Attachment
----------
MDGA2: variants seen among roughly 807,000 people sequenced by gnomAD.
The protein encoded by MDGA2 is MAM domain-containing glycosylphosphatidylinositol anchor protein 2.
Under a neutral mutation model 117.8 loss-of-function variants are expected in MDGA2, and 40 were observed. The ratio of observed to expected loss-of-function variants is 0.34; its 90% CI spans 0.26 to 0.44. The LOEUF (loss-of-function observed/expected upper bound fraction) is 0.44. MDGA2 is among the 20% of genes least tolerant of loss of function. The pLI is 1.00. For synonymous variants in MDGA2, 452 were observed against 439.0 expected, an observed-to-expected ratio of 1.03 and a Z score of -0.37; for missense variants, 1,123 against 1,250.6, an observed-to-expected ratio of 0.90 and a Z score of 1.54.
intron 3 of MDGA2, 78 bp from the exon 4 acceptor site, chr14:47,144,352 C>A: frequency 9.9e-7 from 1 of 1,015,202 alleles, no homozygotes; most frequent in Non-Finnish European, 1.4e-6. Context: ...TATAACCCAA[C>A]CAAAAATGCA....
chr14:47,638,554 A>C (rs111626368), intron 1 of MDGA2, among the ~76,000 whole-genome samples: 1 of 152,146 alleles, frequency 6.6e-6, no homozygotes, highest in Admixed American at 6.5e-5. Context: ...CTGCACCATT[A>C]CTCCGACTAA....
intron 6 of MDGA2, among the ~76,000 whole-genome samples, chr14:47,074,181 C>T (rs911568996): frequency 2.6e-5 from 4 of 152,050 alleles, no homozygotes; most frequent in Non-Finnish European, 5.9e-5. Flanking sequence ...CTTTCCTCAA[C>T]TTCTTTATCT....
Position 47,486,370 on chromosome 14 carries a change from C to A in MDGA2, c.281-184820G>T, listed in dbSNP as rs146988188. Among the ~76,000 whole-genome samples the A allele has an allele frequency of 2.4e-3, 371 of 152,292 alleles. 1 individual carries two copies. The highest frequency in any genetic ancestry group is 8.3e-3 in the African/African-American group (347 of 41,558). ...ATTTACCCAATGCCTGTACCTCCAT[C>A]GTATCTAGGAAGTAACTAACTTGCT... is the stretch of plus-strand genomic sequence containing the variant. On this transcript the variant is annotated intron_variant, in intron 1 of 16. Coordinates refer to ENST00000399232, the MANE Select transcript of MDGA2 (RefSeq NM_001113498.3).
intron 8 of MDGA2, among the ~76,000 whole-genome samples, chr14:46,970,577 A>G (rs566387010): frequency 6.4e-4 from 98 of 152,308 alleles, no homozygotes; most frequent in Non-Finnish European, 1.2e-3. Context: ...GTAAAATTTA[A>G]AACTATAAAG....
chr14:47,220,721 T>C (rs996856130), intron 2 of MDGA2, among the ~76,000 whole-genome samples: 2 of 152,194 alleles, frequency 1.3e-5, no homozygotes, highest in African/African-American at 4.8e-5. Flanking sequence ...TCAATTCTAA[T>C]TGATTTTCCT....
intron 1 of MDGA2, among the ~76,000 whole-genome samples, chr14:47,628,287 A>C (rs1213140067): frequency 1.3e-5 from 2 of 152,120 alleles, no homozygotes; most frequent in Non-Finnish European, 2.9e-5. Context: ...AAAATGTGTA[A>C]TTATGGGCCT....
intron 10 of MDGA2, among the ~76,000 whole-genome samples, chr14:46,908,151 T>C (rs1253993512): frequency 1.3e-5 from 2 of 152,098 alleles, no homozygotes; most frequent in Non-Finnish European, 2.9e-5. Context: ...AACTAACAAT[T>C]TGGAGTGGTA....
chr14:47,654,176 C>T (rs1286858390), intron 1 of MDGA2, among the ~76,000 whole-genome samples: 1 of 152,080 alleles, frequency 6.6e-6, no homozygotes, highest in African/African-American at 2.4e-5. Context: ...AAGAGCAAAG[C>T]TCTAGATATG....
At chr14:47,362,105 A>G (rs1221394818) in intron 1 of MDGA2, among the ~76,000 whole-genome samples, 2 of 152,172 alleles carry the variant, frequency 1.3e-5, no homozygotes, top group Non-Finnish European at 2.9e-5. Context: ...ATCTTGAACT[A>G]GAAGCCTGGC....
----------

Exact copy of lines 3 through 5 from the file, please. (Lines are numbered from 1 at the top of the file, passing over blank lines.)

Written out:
Under a neutral mutation model 117.8 loss-of-function variants are expected in MDGA2, and 40 were observed. The ratio of observed to expected loss-of-function variants is 0.34; its 90% CI spans 0.26 to 0.44. The LOEUF (loss-of-function observed/expected upper bound fraction) is 0.44. MDGA2 is among the 20% of genes least tolerant of loss of function. The pLI is 1.00. For synonymous variants in MDGA2, 452 were observed against 439.0 expected, an observed-to-expected ratio of 1.03 and a Z score of -0.37; for missense variants, 1,123 against 1,250.6, an observed-to-expected ratio of 0.90 and a Z score of 1.54.
intron 3 of MDGA2, 78 bp from the exon 4 acceptor site, chr14:47,144,352 C>A: frequency 9.9e-7 from 1 of 1,015,202 alleles, no homozygotes; most frequent in Non-Finnish European, 1.4e-6. Context: ...TATAACCCAA[C>A]CAAAAATGCA....
chr14:47,638,554 A>C (rs111626368), intron 1 of MDGA2, among the ~76,000 whole-genome samples: 1 of 152,146 alleles, frequency 6.6e-6, no homozygotes, highest in Admixed American at 6.5e-5. Context: ...CTGCACCATT[A>C]CTCCGACTAA....